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Omega-3 Health Benefits

Omega-3 Health Benefits

Most of us have heard of the wellbeing benefits of essential fatty acids (EFAs). Specifically, omega-3 is associated brain and heart health, and it’s also thought to be particularly beneficial for women. As Lola Biggs, registered dietician and spokesperson for natural health brand Together Health, explains:

“Omega-3s are well-known for their heart health properties, but they can also offer more specific benefits for women including supporting cognitive function and a healthy pregnancy, soothing menstruation discomfort, and healthy hormone regulation.”

According to Lola, omega-3 fatty acids can support wellbeing in a number of ways, including:

What are omega-3 fatty acids exactly? “Omega-3s are a group of polyunsaturated fatty acids – alpha-linolenic acid (known as ALA), docosahexaenoci acid (DHA) and eicosapentaenoic acid (EPA) – that all play crucial roles in the body,” Lola explains. “As your body cannot produce them, you must get them from your diet or with supplement support.” That’s why they’re known as ‘essential fatty acids’.

  • - Helping to ease anxiety and improve a low mood
  • - Keeping skin soft and supple and reducing the appearance of fine lines and wrinkles
  • - Supporting strong bone health, and can help prevent osteoporosis
  • - Easing PMS, menstrual pain, cramps and abdominal discomfort
  • - Helping to reduce night sweats and hot flushes associated with the menopause
  • - Supporting a healthy pregnancy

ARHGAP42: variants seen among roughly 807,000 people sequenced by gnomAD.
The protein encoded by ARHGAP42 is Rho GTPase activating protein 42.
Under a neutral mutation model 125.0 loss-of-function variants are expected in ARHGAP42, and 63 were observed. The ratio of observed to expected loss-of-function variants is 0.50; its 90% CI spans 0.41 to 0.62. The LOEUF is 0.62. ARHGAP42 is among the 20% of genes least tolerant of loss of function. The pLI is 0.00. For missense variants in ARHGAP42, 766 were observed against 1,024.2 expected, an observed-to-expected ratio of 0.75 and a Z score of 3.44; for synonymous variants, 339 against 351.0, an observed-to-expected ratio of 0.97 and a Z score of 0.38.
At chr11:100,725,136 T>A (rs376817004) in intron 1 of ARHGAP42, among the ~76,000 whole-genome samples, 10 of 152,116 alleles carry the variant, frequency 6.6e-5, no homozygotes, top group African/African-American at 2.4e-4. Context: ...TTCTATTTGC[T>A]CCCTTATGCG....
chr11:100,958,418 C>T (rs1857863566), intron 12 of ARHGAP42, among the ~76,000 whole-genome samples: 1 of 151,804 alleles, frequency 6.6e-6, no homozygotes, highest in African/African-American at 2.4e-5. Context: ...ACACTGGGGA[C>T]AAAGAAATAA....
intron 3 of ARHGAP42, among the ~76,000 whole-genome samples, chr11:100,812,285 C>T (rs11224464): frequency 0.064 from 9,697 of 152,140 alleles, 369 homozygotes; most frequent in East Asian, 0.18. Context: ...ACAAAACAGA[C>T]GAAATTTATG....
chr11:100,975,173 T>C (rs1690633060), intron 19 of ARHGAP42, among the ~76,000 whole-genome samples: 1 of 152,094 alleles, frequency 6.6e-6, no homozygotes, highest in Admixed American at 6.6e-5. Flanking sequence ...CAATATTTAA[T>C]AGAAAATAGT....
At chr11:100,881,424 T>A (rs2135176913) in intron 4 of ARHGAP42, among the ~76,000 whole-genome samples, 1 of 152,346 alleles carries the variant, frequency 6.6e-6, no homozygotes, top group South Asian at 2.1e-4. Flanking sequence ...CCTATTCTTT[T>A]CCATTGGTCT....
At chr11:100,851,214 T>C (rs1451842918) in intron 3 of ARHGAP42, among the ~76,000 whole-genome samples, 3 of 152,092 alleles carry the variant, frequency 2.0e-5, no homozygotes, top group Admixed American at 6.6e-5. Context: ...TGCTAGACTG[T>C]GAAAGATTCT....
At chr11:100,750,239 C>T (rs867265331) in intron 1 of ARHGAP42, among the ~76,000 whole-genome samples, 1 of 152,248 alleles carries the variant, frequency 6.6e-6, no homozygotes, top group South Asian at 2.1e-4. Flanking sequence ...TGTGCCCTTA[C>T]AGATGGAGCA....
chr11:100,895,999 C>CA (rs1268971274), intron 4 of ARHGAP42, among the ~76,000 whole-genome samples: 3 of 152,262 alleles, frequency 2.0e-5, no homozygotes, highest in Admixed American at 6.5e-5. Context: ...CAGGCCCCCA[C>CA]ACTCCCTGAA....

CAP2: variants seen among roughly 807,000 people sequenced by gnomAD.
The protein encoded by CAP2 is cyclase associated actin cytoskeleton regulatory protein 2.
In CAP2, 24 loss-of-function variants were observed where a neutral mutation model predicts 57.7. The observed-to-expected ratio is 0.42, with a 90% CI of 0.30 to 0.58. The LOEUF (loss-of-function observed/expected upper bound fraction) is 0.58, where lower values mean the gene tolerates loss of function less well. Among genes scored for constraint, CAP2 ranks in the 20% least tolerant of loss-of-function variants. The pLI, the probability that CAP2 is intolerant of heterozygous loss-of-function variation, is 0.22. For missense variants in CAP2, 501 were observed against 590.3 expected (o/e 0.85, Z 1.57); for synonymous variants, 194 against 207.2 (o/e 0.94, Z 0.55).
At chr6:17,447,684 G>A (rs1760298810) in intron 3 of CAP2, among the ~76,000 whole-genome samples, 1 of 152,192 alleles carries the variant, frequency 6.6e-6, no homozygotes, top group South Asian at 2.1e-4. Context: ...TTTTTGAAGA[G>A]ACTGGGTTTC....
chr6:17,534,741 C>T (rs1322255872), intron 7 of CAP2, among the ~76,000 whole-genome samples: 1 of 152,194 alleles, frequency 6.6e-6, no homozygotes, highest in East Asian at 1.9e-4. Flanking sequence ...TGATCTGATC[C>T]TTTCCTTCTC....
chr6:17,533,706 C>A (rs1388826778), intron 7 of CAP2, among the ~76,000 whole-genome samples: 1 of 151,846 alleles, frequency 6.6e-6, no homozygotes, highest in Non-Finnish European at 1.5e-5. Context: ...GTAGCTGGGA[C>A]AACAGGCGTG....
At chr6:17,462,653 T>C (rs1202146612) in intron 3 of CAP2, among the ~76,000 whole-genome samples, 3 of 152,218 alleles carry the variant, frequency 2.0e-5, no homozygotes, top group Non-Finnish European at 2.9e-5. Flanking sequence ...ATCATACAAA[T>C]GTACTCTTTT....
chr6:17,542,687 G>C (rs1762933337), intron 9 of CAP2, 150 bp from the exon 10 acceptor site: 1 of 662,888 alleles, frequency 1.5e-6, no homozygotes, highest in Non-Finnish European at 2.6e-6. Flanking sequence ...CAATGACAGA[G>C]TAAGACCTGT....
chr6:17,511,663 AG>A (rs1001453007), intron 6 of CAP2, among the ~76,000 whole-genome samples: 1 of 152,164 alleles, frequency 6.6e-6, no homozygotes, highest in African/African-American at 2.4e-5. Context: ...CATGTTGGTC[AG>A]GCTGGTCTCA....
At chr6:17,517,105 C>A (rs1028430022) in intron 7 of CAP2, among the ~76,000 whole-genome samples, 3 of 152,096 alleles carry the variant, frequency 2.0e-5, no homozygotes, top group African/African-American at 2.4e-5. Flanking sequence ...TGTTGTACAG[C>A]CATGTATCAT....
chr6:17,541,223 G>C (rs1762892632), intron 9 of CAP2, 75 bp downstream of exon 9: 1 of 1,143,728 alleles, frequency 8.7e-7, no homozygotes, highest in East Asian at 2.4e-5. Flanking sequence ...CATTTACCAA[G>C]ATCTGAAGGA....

• - Alleviating rheumatoid arthritis and lubricating the joints to minimise stiffness

Omega-3 for vegetarians and vegans

Thanks to certain types of fish and seafood being rich in omega-3, this fatty acid is sometimes referred to as fish oil. Lola tells us that fatty fish – such as salmon, sardines, tuna, mackerel and anchovies – as well as oysters are good sources of omega-3.

But there are plenty of other ways to get your good fats. If you don’t eat fish, there is a choice of plant-based omega-3 rich foods – Lola recommends the following:

  • - Walnuts and Brazil nuts
  • - Flaxseeds or flaxseed oil and chia seeds
  • - Green veggies, such as spinach and broccoli
  • - Avocados
  • - Tofu

If you’re worried that you’re not getting adequate amounts in your diet, try a supplement. “The human body itself cannot product these essential fatty acids which is why we need to obtain these nutrients from our diet. For vegetarians or vegans or those who just don’t like fish or seafood, it can be a good idea to bolster omega-3 levels with a vegan friendly supplement like the Together Health Omega 3,” says Lola.

“Fish free and without any aftertaste, these one a day soft gel capsules are made up of pure plant-based algae, DHA, and EPA. Ingredients are sustainably grown and sourced in a completely contamination-free environment and come in plastic free packaging.”